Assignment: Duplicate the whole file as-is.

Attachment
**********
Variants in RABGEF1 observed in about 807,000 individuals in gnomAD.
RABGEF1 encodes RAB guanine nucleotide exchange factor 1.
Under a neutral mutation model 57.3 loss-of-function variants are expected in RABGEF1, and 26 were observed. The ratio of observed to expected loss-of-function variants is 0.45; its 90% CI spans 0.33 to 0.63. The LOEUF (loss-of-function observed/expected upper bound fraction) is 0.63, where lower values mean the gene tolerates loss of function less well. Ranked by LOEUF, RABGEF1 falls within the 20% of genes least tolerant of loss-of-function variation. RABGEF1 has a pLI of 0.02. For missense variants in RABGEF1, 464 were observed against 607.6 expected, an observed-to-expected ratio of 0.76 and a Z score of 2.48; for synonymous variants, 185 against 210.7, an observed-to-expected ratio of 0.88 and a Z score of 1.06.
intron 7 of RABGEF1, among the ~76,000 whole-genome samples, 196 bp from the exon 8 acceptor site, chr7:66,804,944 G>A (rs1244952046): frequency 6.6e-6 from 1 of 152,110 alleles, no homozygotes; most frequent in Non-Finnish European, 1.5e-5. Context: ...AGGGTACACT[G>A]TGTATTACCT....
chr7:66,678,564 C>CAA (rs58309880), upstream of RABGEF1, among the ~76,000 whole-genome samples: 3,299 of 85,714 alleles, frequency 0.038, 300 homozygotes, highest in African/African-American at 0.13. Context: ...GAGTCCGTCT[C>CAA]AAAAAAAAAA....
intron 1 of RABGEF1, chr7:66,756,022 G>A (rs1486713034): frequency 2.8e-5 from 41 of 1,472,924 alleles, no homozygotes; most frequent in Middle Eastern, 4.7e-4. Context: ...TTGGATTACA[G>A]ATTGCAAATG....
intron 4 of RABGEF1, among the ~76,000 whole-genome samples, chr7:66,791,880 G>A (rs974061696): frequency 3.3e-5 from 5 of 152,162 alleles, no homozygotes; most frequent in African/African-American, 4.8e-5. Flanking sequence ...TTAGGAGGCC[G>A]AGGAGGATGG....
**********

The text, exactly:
Variants in RABGEF1 observed in about 807,000 individuals in gnomAD.
RABGEF1 encodes RAB guanine nucleotide exchange factor 1.
Under a neutral mutation model 57.3 loss-of-function variants are expected in RABGEF1, and 26 were observed. The ratio of observed to expected loss-of-function variants is 0.45; its 90% CI spans 0.33 to 0.63. The LOEUF (loss-of-function observed/expected upper bound fraction) is 0.63, where lower values mean the gene tolerates loss of function less well. Ranked by LOEUF, RABGEF1 falls within the 20% of genes least tolerant of loss-of-function variation. RABGEF1 has a pLI of 0.02. For missense variants in RABGEF1, 464 were observed against 607.6 expected, an observed-to-expected ratio of 0.76 and a Z score of 2.48; for synonymous variants, 185 against 210.7, an observed-to-expected ratio of 0.88 and a Z score of 1.06.
intron 7 of RABGEF1, among the ~76,000 whole-genome samples, 196 bp from the exon 8 acceptor site, chr7:66,804,944 G>A (rs1244952046): frequency 6.6e-6 from 1 of 152,110 alleles, no homozygotes; most frequent in Non-Finnish European, 1.5e-5. Context: ...AGGGTACACT[G>A]TGTATTACCT....
chr7:66,678,564 C>CAA (rs58309880), upstream of RABGEF1, among the ~76,000 whole-genome samples: 3,299 of 85,714 alleles, frequency 0.038, 300 homozygotes, highest in African/African-American at 0.13. Context: ...GAGTCCGTCT[C>CAA]AAAAAAAAAA....
intron 1 of RABGEF1, chr7:66,756,022 G>A (rs1486713034): frequency 2.8e-5 from 41 of 1,472,924 alleles, no homozygotes; most frequent in Middle Eastern, 4.7e-4. Context: ...TTGGATTACA[G>A]ATTGCAAATG....
intron 4 of RABGEF1, among the ~76,000 whole-genome samples, chr7:66,791,880 G>A (rs974061696): frequency 3.3e-5 from 5 of 152,162 alleles, no homozygotes; most frequent in African/African-American, 4.8e-5. Flanking sequence ...TTAGGAGGCC[G>A]AGGAGGATGG....